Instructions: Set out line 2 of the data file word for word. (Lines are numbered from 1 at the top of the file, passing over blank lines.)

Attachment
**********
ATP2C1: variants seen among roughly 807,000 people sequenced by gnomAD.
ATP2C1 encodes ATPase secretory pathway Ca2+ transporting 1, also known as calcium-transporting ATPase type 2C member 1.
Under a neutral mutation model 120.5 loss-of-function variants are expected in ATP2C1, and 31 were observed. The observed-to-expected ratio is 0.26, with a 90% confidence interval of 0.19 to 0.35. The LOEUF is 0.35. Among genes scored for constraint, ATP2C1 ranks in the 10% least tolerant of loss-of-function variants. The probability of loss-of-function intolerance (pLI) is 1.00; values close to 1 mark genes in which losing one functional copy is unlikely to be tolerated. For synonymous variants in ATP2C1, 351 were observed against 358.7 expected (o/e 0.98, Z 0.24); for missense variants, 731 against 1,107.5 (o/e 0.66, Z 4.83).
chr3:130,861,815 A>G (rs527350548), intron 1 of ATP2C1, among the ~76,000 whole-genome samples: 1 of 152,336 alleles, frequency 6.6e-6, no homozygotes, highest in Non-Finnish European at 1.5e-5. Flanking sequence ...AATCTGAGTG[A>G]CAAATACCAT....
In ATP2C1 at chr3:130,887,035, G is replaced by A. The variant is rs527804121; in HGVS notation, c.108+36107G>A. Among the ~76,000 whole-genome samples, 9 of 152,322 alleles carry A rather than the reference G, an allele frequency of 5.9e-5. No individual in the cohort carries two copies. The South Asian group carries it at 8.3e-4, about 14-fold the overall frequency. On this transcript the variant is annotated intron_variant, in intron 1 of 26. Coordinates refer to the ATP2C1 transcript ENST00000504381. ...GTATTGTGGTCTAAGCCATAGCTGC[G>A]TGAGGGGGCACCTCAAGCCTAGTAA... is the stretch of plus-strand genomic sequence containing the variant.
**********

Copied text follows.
ATP2C1 encodes ATPase secretory pathway Ca2+ transporting 1, also known as calcium-transporting ATPase type 2C member 1.